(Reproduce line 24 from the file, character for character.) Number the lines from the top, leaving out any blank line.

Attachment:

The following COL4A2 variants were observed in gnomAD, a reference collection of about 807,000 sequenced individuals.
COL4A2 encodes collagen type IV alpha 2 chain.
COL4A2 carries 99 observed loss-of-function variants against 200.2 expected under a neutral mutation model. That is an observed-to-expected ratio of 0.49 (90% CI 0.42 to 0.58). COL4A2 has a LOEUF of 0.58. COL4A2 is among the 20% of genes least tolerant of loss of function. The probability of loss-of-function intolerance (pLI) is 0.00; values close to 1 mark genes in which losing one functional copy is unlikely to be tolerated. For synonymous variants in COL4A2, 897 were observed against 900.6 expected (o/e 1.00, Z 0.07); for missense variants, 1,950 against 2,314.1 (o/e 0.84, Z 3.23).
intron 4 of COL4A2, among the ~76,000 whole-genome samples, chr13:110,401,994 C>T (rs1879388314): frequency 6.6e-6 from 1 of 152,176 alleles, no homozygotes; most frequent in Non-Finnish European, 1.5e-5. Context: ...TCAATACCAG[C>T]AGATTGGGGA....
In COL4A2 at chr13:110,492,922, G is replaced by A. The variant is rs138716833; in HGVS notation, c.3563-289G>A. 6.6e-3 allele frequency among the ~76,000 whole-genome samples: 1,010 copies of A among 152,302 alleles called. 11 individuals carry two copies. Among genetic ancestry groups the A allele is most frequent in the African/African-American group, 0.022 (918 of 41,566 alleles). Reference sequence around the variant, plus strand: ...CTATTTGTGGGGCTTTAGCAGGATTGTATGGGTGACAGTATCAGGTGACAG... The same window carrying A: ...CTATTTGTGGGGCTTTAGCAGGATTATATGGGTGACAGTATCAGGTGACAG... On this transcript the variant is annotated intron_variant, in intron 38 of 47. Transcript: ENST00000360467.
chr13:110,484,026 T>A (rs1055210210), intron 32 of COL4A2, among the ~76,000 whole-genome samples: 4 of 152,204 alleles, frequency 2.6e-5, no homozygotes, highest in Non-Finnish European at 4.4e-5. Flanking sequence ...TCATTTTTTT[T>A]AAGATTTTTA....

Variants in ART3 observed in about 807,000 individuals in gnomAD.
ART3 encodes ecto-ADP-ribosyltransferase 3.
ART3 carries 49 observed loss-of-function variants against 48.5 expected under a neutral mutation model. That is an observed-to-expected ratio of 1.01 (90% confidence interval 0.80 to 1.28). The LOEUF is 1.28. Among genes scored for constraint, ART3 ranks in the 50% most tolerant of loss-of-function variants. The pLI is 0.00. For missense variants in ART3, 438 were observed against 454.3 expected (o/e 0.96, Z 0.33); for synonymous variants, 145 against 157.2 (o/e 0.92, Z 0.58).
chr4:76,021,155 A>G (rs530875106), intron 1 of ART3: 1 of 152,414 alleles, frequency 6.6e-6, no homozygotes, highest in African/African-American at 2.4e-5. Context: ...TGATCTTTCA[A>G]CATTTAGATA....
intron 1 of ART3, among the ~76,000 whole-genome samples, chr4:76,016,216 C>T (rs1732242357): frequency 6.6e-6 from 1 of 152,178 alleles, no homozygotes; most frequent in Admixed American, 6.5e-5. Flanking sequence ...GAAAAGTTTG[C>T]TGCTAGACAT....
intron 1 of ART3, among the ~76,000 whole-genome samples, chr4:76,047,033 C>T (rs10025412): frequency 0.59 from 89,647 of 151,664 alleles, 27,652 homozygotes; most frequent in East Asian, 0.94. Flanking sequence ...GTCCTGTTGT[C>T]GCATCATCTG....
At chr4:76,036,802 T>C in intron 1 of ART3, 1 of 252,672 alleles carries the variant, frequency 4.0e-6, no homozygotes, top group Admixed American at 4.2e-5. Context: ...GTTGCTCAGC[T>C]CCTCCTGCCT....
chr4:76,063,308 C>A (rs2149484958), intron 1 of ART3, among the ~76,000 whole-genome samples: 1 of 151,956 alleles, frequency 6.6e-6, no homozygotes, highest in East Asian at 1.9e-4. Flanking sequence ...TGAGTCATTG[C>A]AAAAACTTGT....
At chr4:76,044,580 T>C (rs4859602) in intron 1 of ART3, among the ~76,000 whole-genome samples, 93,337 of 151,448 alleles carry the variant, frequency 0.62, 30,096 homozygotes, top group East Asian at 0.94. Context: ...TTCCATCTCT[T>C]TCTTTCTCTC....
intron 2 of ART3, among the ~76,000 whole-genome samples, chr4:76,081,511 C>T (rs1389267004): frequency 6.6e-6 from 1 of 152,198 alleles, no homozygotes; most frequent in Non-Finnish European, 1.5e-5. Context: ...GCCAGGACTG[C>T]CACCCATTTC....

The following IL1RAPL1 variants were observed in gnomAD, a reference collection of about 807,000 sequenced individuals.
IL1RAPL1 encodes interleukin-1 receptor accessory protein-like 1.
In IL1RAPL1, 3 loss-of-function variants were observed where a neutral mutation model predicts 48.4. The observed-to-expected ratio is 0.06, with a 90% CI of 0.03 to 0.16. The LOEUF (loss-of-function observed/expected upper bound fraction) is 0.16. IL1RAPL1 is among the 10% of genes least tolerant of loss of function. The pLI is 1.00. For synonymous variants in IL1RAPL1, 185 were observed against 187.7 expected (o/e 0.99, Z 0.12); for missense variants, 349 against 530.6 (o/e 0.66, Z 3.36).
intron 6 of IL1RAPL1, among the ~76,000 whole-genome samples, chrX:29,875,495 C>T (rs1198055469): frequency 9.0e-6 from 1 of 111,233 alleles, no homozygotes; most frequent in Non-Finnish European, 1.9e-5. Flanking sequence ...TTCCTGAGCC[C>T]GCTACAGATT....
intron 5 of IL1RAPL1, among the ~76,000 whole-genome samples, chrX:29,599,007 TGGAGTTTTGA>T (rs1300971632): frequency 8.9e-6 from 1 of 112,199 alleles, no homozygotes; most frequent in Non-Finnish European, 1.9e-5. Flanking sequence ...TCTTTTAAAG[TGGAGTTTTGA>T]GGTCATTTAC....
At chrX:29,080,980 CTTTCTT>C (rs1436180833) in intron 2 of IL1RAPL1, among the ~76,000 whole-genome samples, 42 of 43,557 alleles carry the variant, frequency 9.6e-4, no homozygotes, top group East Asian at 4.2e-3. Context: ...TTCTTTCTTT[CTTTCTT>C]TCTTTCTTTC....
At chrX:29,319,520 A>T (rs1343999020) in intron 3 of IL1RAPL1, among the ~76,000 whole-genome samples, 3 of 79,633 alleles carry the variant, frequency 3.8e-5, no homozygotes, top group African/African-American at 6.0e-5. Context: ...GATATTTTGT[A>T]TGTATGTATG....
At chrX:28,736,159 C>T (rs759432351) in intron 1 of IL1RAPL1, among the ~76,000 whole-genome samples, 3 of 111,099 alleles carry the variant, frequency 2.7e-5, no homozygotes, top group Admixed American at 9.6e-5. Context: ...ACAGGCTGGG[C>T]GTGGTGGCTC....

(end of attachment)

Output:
At chrX:28,736,159 C>T (rs759432351) in intron 1 of IL1RAPL1, among the ~76,000 whole-genome samples, 3 of 111,099 alleles carry the variant, frequency 2.7e-5, no homozygotes, top group Admixed American at 9.6e-5. Context: ...ACAGGCTGGG[C>T]GTGGTGGCTC....